Knife Rights Issues Caution Against Reading Too Much Into Victory.
Gilbert, AZ –-(Ammoland.com)- An electrician who was arrested for allegedly carrying an illegal “gravity knife” in New York City received a $57,500 settlement when it turned out that the lock-blade knife didn't even meet the City's twisted interpretation of the state law banning gravity knives.
Bernard Perez, 48, spent two days in jail and incurred three trips to court before a meeting in an assistant district attorney's office where the arresting NYPD officer, Justin Delmonico, was unable to demonstrate that the knife blade could be “flicked” open, the test used in the City for determination of illegality.
It is this illegitimate test, which has resulted in over 60,000 prosecutions, that is central to Knife Rights' Federal Civil Rights lawsuit against the City and DA Cyrus Vance, Jr.
The ADA subsequently asked that the case be dismissed, but that wasn't the end of it. Perez' court-appointed attorney then sought compensation for the unjust arrest and that resulted in the $57,5000 settlement.
The knife that was central to the charge is a knock-off of a Spyderco Delica, shown off by Perez in the photo at above.
While we congratulate Perez on his victory over the malicious prosecution he endured, we caution New York City knife carriers not to read too much into this win.
Perez was lucky that the knife was unable to be “flicked” open by the officer in the demonstration and the prosecutor chose to drop the case at that juncture. One of the key issues with the way in which the City enforces the law is the subjective nature of the test. Just because one officer cannot flick open the knife, doesn't mean another might not be able to and there is no way for a knife owner to know if any particular lock blade knife is legal or illegal. In our Civil Rights case, one of the plaintiffs showed his knife to officers on two separate occasions and they were unable to open it, but a third officer did and he was arrested and prosecuted.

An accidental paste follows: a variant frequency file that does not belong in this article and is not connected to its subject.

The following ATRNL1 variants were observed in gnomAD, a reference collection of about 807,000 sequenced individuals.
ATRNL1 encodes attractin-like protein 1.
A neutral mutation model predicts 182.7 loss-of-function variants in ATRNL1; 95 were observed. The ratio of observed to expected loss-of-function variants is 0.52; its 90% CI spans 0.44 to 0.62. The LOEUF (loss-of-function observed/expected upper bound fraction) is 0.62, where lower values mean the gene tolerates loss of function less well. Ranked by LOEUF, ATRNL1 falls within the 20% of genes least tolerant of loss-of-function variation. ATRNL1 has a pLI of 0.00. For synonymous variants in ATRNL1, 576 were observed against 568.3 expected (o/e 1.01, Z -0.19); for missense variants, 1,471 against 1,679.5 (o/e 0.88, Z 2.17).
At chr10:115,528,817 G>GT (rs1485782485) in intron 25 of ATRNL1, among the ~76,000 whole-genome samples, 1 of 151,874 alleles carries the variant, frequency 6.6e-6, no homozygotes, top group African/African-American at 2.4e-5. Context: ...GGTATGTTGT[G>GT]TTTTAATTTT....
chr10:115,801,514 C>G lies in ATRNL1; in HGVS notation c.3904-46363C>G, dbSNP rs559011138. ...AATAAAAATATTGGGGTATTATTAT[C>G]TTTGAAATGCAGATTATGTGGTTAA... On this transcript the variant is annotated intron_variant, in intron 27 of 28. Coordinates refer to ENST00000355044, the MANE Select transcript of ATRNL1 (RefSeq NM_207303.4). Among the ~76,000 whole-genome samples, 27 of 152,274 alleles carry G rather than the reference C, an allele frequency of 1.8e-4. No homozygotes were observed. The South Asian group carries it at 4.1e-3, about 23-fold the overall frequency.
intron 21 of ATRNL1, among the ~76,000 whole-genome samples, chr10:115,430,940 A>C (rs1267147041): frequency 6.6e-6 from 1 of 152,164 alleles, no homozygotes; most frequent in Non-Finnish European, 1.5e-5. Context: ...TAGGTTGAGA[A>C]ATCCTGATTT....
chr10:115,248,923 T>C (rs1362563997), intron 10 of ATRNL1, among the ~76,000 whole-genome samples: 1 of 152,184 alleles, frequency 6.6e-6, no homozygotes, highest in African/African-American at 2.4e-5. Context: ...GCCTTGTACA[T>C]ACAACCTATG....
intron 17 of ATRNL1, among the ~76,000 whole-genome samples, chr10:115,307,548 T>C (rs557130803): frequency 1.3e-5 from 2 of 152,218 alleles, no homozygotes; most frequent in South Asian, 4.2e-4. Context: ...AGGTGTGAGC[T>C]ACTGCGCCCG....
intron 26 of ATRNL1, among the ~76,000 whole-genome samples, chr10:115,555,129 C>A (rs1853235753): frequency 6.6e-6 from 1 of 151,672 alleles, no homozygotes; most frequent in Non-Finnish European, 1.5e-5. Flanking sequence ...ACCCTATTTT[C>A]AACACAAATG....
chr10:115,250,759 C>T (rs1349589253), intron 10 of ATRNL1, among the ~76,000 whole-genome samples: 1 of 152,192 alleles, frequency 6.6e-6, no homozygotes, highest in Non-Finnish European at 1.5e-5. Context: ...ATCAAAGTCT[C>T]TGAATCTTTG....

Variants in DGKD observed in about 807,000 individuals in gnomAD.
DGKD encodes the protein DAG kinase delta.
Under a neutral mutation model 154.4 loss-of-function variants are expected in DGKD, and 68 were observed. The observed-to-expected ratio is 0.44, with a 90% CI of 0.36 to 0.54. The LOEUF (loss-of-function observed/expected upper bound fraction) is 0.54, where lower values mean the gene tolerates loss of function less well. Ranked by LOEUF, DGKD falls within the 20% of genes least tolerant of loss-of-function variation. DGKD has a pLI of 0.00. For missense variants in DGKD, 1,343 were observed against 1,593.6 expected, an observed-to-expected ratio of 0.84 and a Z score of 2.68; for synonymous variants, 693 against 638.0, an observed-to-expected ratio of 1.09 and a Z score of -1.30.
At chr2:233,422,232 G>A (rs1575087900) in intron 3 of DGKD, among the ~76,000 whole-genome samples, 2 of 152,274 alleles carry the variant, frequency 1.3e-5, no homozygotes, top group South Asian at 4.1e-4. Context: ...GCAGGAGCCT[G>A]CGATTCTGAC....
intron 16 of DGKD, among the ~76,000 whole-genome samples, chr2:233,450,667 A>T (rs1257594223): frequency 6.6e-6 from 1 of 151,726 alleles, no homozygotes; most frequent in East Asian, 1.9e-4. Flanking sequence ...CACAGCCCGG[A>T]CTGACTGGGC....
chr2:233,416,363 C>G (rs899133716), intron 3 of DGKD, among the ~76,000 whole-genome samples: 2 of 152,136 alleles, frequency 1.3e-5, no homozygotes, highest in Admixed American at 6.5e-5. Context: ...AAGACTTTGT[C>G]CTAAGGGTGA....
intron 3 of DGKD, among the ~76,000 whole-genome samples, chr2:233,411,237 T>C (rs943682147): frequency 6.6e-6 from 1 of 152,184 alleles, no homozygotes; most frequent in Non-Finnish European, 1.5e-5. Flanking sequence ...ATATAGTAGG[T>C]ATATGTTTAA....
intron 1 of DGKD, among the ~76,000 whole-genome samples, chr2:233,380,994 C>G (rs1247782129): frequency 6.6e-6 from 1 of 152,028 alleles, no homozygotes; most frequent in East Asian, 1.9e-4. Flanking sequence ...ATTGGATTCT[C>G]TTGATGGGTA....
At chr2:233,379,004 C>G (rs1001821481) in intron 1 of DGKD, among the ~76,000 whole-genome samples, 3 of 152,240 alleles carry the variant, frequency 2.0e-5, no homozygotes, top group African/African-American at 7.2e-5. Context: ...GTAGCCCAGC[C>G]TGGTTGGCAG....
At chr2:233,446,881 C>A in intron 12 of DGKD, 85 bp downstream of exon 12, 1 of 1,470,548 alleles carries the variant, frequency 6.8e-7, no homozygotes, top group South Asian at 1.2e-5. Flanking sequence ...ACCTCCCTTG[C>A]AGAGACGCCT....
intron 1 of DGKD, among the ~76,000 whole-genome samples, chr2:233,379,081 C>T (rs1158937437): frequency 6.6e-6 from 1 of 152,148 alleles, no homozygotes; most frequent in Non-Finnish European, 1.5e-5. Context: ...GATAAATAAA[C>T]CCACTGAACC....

NYC has interpreted the state law against gravity knives such that if an officer can “wrist flick” the common folding knife blade open and the knife blade locks open, that knife is an illegal gravity knife. NYC takes this position even if it requires multiple tries and use of exaggerated arm thrust or motion. Using this interpretation, most any lockblade knife might be deemed an illegal gravity knife.
In our experience, the only folding knife that a person in New York City can know with certainty will not pass this test is one with a blade that does not lock open.
Note also that New York City administrative code has an under-4-inch length limit and requires knives be carried concealed. Knife Rights recommends that you never carry your knife clipped to your pocket in New York City. Even when covered by a jacket, simply moving the jacket aside to get to a wallet has been enough to get folks arrested. Always ensure your knife is completely concealed at all times, including not “printing” on the outside of your clothing. In addition, be extremely circumspect about using a knife for any purpose in a public setting.
This settlement was first reported in a New York Daily News article by John Marzulli.
Knife Rights (www.KnifeRights.org) is America's Grassroots Knife Owners Organization, working towards a Sharper Future for all knife owners. Knife Rights is dedicated to providing knife owners an effective voice in public policy. Become a Knife Rights member and make a contribution to support the fight for your knife rights. Visit www.kniferights.org
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